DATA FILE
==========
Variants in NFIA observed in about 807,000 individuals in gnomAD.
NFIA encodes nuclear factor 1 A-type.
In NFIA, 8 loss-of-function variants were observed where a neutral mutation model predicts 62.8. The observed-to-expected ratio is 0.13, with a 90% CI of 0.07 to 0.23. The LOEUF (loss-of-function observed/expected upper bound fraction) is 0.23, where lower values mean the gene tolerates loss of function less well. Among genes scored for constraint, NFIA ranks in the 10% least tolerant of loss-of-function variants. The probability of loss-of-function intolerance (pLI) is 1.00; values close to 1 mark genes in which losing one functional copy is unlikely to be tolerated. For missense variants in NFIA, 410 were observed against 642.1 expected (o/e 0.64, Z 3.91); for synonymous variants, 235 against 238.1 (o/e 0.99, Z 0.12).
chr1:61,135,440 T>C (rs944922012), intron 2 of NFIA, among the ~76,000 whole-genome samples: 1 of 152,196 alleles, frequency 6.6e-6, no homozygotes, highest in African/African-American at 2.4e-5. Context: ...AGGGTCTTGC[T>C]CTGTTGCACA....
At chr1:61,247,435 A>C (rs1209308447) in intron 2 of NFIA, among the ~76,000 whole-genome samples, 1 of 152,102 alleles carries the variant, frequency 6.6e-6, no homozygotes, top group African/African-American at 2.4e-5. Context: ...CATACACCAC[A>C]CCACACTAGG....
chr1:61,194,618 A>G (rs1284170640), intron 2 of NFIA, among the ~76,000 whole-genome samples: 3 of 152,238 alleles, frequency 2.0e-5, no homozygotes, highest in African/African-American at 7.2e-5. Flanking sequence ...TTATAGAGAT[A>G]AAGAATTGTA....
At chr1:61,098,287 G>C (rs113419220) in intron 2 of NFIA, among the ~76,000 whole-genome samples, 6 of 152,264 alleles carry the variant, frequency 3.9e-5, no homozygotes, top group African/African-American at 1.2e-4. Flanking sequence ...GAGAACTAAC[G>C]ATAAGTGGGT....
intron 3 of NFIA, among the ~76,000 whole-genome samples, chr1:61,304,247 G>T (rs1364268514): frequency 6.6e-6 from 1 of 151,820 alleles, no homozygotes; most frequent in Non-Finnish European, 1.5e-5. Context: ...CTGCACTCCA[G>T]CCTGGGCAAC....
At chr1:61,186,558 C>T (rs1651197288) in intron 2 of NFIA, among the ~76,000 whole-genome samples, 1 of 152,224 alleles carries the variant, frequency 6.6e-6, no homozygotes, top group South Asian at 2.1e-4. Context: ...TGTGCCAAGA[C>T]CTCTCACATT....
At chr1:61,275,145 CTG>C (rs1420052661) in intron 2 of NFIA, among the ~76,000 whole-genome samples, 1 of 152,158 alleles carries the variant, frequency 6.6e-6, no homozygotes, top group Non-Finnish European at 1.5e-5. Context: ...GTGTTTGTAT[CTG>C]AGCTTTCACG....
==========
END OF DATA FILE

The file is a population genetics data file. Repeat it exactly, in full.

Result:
Variants in NFIA observed in about 807,000 individuals in gnomAD.
NFIA encodes nuclear factor 1 A-type.
In NFIA, 8 loss-of-function variants were observed where a neutral mutation model predicts 62.8. The observed-to-expected ratio is 0.13, with a 90% CI of 0.07 to 0.23. The LOEUF (loss-of-function observed/expected upper bound fraction) is 0.23, where lower values mean the gene tolerates loss of function less well. Among genes scored for constraint, NFIA ranks in the 10% least tolerant of loss-of-function variants. The probability of loss-of-function intolerance (pLI) is 1.00; values close to 1 mark genes in which losing one functional copy is unlikely to be tolerated. For missense variants in NFIA, 410 were observed against 642.1 expected (o/e 0.64, Z 3.91); for synonymous variants, 235 against 238.1 (o/e 0.99, Z 0.12).
chr1:61,135,440 T>C (rs944922012), intron 2 of NFIA, among the ~76,000 whole-genome samples: 1 of 152,196 alleles, frequency 6.6e-6, no homozygotes, highest in African/African-American at 2.4e-5. Context: ...AGGGTCTTGC[T>C]CTGTTGCACA....
At chr1:61,247,435 A>C (rs1209308447) in intron 2 of NFIA, among the ~76,000 whole-genome samples, 1 of 152,102 alleles carries the variant, frequency 6.6e-6, no homozygotes, top group African/African-American at 2.4e-5. Context: ...CATACACCAC[A>C]CCACACTAGG....
chr1:61,194,618 A>G (rs1284170640), intron 2 of NFIA, among the ~76,000 whole-genome samples: 3 of 152,238 alleles, frequency 2.0e-5, no homozygotes, highest in African/African-American at 7.2e-5. Flanking sequence ...TTATAGAGAT[A>G]AAGAATTGTA....
At chr1:61,098,287 G>C (rs113419220) in intron 2 of NFIA, among the ~76,000 whole-genome samples, 6 of 152,264 alleles carry the variant, frequency 3.9e-5, no homozygotes, top group African/African-American at 1.2e-4. Flanking sequence ...GAGAACTAAC[G>C]ATAAGTGGGT....
intron 3 of NFIA, among the ~76,000 whole-genome samples, chr1:61,304,247 G>T (rs1364268514): frequency 6.6e-6 from 1 of 151,820 alleles, no homozygotes; most frequent in Non-Finnish European, 1.5e-5. Context: ...CTGCACTCCA[G>T]CCTGGGCAAC....
At chr1:61,186,558 C>T (rs1651197288) in intron 2 of NFIA, among the ~76,000 whole-genome samples, 1 of 152,224 alleles carries the variant, frequency 6.6e-6, no homozygotes, top group South Asian at 2.1e-4. Context: ...TGTGCCAAGA[C>T]CTCTCACATT....
At chr1:61,275,145 CTG>C (rs1420052661) in intron 2 of NFIA, among the ~76,000 whole-genome samples, 1 of 152,158 alleles carries the variant, frequency 6.6e-6, no homozygotes, top group Non-Finnish European at 1.5e-5. Context: ...GTGTTTGTAT[CTG>C]AGCTTTCACG....